MOUNTAIN VIEW, Calif.--At Nokia World in London on Wednesday (Oct. 26), the Finnish phone maker unveiled its first two Windows Phone powered devices, the Nokia Lumia 800 and the Nokia Lumia 710, running Windows Phone 7.5 Mango.
The higher end Lumia 800 with its 3.7-inch AMOLED display, 1.4 GHz processor, 8 megapixel Carl Zeiss camera and 16GB of embedded memory is targeted to compete with the likes of Apple's iPhone 4S and Samsung’s Galaxy S II, while the Lumia 710 ith a 5 megapixel camera and 8GB of embedded memory is aimed more at the mid-tier segment. Both phones boast a 1450MAh battery.
“This is a slim and sleek, well designed phone, featuring a best in class camera and it has some strong key selling points,” said IDC’s Francisco Jeronimo of the Lumia 800, though he admitted the phone may have trouble competing in a market where Android and iOS still dominate.
The Lumia 710, he said, was more of a dark horse in that it had surprised the mid-tier segment with a device it wasn’t expecting until the second quarter of 2012.
“This is the most affordable 1.4 GHz processor device, a mid price-tier handset with high-end specs,” he said.
Jeronimo said he felt Nokia had “come a long way” over the past year, noting that Stephen Elop’s reign as CEO and the firm’s "180-degrees" shift in strategy seemed to be paying off.
“Stephen Elop stepped in as CEO of the biggest phone maker in the world, defined a new strategy and a new paradigm for Nokia, executed it and over exceeded expectations by delivering not only one, but two new Windows devices,” he said adding “Nokia seems to have now what lacked for years, speed to adjust to the market’s pace.”
Not all analysts were as impressed as Jeronimo, however, with Jack Gold of Gold Associates positing that Nokia had missed an opportunity at the event and was still not showing the level of revitalization needed to turn the company around.
“I’m left with many questions after the announcements. How do the new devices fit into a diverse environment in an enterprise setting? Where are the enterprise tools to deploy, activate secure and manage them? What is the Nokia Value Add on top of plane Windows Phone? What did they do to enhance the Windows Phone platform beyond what Microsoft offers? Nokia seemed to show once again that they understand how to make appealing hardware, but fell short in service offerings that could differentiate them in the market, especially with the important business user,” said Gold.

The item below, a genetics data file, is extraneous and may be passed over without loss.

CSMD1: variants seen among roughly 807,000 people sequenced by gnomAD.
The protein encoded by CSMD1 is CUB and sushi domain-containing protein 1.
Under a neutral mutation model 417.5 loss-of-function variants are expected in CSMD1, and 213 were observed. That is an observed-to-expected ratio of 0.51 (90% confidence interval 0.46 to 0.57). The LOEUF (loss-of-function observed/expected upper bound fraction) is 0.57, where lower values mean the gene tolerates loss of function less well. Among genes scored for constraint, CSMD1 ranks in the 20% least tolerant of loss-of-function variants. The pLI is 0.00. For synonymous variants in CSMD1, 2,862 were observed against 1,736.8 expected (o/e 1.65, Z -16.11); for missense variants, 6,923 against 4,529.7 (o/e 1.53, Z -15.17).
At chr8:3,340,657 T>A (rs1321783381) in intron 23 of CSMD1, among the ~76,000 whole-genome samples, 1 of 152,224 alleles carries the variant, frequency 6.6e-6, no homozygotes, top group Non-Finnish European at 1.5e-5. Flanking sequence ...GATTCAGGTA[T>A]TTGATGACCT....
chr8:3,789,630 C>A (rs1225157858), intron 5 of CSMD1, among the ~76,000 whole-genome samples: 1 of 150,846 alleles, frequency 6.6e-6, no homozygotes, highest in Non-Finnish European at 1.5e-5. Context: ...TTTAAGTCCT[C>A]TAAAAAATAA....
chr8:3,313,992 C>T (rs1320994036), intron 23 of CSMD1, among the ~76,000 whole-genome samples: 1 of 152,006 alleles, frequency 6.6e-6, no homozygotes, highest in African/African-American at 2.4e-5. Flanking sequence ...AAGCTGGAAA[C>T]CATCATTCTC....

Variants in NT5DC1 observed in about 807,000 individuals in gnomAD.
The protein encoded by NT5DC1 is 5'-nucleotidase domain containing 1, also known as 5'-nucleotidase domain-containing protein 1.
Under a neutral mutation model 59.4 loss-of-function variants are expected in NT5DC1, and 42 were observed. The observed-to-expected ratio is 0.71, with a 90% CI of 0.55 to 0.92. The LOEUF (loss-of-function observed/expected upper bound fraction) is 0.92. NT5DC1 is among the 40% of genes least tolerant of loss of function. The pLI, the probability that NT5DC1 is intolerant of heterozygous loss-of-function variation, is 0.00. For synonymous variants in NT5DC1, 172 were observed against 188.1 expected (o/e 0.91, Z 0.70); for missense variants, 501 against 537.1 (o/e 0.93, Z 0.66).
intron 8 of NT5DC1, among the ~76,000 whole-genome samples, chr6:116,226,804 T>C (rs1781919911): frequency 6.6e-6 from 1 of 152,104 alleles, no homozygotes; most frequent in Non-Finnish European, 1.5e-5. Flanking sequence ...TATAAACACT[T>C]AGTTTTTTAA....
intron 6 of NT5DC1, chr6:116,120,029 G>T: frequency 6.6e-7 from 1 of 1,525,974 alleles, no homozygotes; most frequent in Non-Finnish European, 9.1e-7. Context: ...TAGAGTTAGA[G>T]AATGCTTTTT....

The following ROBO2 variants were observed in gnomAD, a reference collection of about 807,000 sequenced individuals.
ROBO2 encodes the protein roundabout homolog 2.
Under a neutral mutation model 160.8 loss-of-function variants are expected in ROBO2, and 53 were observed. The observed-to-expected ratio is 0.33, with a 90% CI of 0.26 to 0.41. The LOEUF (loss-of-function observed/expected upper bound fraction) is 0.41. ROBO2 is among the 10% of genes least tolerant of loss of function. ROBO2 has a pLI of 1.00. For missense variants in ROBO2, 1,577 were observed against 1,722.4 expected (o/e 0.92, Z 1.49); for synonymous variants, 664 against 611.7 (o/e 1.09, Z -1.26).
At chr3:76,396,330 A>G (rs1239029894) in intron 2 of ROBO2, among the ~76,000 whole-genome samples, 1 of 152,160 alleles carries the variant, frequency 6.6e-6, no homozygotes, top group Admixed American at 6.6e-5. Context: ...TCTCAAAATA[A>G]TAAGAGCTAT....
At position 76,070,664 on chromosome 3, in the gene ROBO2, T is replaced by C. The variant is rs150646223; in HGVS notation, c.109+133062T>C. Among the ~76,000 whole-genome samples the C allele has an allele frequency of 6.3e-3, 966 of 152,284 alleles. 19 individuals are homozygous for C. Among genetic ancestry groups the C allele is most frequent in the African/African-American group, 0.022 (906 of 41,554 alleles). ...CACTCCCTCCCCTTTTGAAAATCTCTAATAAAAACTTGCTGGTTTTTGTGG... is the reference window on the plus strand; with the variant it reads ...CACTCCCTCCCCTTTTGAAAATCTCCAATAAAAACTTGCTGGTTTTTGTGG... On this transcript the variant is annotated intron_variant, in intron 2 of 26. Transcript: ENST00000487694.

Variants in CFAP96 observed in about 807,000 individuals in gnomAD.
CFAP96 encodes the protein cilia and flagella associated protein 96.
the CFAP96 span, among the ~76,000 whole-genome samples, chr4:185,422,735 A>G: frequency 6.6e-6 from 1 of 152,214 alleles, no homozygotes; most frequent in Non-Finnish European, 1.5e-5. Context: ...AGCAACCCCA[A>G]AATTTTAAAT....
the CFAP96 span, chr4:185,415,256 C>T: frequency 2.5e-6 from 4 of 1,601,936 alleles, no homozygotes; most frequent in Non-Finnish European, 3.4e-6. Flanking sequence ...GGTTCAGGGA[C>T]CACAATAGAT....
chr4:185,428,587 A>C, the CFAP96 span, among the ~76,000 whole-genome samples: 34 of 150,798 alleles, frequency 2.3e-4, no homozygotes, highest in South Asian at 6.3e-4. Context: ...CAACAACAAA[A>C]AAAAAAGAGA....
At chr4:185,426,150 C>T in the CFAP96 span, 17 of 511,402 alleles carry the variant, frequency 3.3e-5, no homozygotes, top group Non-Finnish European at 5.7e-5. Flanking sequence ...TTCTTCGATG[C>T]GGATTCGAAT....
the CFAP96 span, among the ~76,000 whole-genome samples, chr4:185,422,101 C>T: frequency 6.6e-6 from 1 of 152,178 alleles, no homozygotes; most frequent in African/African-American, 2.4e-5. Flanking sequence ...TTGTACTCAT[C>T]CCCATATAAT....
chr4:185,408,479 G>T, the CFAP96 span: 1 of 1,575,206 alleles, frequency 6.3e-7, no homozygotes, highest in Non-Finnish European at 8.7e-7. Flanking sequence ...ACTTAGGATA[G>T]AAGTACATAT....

“Samsung makes a nice Windows phone, as does HTC. Why would a consumer choose a Nokia device?” he added.
Ironically, Jeronimo counters that the likes of Samsung and HTC may be just what Nokia needs to help drive sales, by raising the profile of the Windows operating system, which currently only holds 2 percent of the smartphone market.
IDC estimates that as a result of well established brands like Samsung, HTC and LG pushing out devices with a Windows Phone operating system, Microsoft should see its mobile software grow to take a market share of 11 percent by 2012 and possibly become the second biggest smartphone operating system by 2015, with 20 percent market share, behind Android and ahead of iOS.
Those predictions, however, would likely hinge on Nokia delivering devices into the U.S. market. The Lumia 800 and 710 will apparently only be available in selected markets across Europe, with the firm holding off on a U.S. launch until early next year, once LTE stabilizes.